A fourth strategy is a clear (intentional?) misreading of emerging church literature. A clear example is Rob Bell, quoted by Andy Crouch in his Christianity Today article, as “discovering Christianity as an Eastern religion, as a way of life” (cited 109). Oakland asks, seriously, “does he really believe that Christianity is an Eastern religion?” (109) He seeks an answer to this question through Bell’s references to the science of emergence, in which he writes that, “God empowers the land to do something. He gives it the capacity to produce trees and shrubs and plants and bushes that produce fruit and seeds. God empowers creation to make more” (cited 110). From this quotation, Oakland concludes that Bell is saying that “all creation is divine. Everything is God” (111). I don’t believe that this is what Bell is saying here at all. And to couple this misreading with a misreading of the Christianity Today quote is to misrepresent what Bell is saying about Christianity. By referring to it as an eastern religion, I believe Bell is highlighting that the nature of religion is understood differently in eastern religions such as Buddhism and Hinduism – as a “way of life,” something to be lived out rather than philosophically or theologically abstracted and dissected.
Surely, Oakland realises that he can only use tactics for so long before readers think that his criteria for including authors and leaders in his account of emerging spirituality serves his agenda of exposing it as New Age mysticism rather than accurately describing the spiritualities of the emerging church milieu.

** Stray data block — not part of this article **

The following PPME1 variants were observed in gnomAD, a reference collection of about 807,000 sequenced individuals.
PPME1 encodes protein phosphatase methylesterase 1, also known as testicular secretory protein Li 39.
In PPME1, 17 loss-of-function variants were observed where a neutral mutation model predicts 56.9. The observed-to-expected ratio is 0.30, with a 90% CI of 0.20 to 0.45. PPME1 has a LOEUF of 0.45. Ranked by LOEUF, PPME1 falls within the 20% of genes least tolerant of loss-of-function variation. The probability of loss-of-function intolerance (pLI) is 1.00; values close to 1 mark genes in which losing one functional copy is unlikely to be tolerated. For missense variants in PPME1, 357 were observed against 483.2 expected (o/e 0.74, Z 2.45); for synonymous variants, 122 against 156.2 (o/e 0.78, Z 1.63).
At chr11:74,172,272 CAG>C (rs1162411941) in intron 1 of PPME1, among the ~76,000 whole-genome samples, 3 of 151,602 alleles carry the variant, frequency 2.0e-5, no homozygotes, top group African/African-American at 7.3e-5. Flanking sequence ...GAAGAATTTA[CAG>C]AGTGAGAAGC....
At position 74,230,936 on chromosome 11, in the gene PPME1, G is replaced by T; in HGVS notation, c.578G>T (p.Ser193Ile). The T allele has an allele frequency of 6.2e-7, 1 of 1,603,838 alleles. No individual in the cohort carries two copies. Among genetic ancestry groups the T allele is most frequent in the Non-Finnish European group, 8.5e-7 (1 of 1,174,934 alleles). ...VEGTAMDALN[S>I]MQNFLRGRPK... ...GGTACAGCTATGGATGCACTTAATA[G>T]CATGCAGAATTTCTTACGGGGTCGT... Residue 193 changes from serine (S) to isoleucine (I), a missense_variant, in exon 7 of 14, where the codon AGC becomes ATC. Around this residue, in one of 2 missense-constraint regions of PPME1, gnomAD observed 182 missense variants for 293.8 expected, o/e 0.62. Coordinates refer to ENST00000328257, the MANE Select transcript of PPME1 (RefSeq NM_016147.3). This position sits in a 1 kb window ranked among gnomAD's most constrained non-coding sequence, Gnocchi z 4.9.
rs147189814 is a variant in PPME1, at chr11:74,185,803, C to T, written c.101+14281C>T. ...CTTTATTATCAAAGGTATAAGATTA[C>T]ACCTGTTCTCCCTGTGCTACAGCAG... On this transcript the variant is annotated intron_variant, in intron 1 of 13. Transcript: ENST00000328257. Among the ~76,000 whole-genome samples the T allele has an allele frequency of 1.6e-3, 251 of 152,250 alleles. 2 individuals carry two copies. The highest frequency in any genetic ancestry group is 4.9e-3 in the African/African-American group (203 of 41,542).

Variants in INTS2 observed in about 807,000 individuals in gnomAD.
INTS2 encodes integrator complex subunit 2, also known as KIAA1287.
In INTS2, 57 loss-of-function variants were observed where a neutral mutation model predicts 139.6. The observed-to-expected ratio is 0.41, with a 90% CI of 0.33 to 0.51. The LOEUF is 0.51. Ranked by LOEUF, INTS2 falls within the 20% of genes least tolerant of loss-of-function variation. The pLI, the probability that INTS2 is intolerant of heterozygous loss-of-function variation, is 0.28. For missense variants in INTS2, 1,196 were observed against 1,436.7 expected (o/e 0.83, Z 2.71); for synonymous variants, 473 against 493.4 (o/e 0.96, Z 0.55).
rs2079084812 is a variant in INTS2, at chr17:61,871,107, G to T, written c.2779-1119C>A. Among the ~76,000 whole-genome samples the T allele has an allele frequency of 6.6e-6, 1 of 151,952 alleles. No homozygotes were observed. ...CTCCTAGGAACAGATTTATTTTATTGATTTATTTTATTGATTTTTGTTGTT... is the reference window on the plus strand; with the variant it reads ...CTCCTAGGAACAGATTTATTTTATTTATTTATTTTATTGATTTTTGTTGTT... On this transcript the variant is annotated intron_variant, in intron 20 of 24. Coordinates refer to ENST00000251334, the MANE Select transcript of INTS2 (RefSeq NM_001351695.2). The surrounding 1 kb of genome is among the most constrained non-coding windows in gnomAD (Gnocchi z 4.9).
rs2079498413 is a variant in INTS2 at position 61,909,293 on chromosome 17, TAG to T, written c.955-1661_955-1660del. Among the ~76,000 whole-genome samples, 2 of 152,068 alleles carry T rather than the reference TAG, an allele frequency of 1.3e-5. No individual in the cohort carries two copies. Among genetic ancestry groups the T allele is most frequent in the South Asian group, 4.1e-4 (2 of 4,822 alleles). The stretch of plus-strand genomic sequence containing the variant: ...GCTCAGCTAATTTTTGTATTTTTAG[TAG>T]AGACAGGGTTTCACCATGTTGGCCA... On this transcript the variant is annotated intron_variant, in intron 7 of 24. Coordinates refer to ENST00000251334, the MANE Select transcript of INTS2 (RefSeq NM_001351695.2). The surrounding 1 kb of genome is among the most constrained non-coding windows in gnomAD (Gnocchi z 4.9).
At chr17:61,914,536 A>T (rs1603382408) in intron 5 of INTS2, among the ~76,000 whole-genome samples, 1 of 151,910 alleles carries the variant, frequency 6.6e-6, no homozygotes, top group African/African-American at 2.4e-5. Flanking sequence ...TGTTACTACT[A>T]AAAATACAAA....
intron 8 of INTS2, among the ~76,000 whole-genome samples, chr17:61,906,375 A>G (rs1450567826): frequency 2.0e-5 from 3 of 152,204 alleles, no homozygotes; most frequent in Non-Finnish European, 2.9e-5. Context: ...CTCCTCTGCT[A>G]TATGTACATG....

There are a few other points to be made. Oakland’s characterisation of New Ageism, contemplative prayer, and Christian mysticism, is influenced more by his evangelical context than by academic study of these phenomena. This goes back to what I was saying a few days ago about the foundational position of Scripture in evangelicalism, which prevents serious consideration of church history, understood as the valid religious experiences of previous generations of Christians. Therefore, for Oakland, that “Catholic monks have taught [meditative] practice for a long time” undermines rather than legitimates the contemplative prayer (82). The same goes for the mysticism of the desert fathers. For Oakland, “while outer quietness is legitimate, inner stillness of the mind is not” (82). His rejection of church history and tradition is a necessary correlative of his rejection of Roman Catholicism as authentic Christian expression: “A mystical prayer movement endorsed and actually initiated by Catholic monks (and accepted by Catholic leadership) should be alarming to any discerning Christian” (83).
Oakland’s lack of in-depth (and methodologically sound!) analysis of emerging church literature and of empirical data, begs the question: Is the contemplative prayer and mysticism of emerging churches the same as that of New Ageism or eastern religious traditions? Tony Jones clearly identifies his Jesus Prayer and centering prayer (from his 2005 The Sacred Way) as based on “the reflections and writings of the Desert Fathers” (cited 105). Oakland’s rejection of church history is the motivation for his characterisation of such prayers as un-Christian because of their grounding in history rather than Scripture. But there are examples of evangelical beliefs which have their grounding not in Scripture but in church history – for example, the doctrine of creation ex nihilo (see Jack Caputo’s 2006 The Weakness of God and Catherine Keller’s 2003 The Face of the Deep).
Oakland’s desire to expunge all eastern aspects of Christianity betrays a colonialist mentality, in which it is forgotten that Christianity emerged in the context of the Middle East, before the canonization processes of Scripture, and not in the last few centuries of Western history.